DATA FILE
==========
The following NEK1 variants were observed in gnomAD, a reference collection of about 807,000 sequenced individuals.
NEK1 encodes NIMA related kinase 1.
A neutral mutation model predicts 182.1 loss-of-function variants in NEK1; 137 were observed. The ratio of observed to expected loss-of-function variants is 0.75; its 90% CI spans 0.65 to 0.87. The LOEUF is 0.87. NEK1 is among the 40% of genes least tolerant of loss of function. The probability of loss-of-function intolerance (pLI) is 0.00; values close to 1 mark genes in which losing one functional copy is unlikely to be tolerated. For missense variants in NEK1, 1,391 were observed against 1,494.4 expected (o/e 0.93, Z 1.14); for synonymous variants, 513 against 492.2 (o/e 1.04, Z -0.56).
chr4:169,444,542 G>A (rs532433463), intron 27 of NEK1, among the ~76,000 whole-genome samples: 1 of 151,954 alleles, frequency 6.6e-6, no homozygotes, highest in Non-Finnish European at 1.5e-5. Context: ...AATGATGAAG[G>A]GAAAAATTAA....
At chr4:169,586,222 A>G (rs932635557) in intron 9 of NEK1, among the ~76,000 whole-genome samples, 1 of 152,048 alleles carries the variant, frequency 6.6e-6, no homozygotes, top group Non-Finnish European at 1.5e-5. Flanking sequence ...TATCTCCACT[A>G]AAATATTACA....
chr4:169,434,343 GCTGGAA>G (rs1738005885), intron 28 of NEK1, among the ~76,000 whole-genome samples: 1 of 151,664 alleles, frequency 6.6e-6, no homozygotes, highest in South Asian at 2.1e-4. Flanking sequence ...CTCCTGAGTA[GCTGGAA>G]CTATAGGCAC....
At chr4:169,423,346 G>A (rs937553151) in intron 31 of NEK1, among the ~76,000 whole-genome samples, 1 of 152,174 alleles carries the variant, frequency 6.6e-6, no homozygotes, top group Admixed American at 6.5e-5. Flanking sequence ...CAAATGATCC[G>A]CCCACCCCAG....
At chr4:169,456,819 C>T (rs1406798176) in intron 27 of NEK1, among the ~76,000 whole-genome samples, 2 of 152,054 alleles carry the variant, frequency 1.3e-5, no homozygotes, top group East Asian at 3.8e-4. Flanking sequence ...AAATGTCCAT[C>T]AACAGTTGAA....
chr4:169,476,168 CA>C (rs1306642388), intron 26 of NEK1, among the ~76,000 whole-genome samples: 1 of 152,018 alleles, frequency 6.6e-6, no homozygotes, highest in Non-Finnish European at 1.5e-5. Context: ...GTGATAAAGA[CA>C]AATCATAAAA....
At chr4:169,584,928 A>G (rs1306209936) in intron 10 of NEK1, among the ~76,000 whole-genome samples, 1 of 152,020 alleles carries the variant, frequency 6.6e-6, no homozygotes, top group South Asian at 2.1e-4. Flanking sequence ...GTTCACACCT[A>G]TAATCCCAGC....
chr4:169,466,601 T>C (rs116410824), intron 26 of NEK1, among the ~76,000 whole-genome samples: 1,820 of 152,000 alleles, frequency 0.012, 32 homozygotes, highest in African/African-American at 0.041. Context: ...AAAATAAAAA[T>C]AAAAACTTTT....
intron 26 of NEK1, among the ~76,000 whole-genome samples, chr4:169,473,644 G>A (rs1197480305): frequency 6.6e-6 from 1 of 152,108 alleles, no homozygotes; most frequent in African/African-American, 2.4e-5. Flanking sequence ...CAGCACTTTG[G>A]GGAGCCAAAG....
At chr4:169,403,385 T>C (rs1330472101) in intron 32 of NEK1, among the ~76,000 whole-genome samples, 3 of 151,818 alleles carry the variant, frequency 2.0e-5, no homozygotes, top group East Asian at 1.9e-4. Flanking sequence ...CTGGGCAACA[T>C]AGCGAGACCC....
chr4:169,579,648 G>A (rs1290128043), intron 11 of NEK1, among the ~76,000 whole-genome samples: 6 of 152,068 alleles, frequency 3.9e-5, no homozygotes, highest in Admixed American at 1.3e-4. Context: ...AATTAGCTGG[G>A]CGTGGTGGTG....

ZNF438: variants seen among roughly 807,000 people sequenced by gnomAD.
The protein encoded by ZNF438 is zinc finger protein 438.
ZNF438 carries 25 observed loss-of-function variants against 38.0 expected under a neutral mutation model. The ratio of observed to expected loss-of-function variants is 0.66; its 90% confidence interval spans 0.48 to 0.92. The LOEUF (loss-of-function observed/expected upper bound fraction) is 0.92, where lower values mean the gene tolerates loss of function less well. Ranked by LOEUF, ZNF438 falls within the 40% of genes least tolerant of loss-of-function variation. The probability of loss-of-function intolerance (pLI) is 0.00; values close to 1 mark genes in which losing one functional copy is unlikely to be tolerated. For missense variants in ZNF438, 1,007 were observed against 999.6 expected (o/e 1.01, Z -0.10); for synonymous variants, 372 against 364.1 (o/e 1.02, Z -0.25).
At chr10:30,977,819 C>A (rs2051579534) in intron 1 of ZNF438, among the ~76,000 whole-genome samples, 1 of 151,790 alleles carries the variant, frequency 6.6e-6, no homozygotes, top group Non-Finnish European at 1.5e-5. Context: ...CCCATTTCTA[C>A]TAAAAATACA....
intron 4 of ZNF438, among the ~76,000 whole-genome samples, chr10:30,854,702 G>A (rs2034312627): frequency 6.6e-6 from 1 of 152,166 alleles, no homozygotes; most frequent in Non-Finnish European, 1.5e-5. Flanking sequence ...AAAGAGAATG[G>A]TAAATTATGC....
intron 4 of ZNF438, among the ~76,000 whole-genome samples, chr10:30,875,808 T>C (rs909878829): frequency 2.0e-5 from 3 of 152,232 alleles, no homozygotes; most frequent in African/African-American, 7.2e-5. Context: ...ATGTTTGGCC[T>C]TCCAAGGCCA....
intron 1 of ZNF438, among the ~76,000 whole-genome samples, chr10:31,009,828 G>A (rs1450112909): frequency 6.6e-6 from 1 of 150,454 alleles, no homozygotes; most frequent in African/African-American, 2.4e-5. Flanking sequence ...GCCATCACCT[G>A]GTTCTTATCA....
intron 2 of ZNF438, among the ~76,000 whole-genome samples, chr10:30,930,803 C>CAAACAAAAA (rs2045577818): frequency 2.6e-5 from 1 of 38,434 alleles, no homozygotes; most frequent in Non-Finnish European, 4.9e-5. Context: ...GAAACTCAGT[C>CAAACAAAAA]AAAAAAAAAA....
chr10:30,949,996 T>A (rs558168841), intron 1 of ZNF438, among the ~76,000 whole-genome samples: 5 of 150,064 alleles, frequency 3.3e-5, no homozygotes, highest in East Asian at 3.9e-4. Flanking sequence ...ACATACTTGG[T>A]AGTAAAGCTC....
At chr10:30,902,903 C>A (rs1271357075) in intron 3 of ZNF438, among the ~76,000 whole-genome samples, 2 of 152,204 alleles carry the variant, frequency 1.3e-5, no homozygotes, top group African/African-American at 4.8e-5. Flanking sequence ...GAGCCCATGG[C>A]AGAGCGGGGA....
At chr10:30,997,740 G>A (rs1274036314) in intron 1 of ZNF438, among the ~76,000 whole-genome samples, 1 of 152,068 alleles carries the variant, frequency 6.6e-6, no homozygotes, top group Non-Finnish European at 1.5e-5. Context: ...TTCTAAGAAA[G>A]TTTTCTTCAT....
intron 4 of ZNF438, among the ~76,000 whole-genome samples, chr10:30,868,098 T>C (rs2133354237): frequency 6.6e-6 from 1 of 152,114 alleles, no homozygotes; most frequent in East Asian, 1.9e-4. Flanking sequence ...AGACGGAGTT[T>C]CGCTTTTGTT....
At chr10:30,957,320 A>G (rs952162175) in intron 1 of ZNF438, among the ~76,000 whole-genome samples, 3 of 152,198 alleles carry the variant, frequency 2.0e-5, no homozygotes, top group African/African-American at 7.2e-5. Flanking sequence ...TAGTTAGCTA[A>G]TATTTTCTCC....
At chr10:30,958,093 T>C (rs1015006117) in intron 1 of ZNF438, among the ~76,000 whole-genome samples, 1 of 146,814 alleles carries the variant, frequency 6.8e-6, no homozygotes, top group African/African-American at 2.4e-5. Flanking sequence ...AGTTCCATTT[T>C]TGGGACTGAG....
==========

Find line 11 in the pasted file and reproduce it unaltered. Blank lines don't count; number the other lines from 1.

chr4:169,466,601 T>C (rs116410824), intron 26 of NEK1, among the ~76,000 whole-genome samples: 1,820 of 152,000 alleles, frequency 0.012, 32 homozygotes, highest in African/African-American at 0.041. Context: ...AAAATAAAAA[T>C]AAAAACTTTT....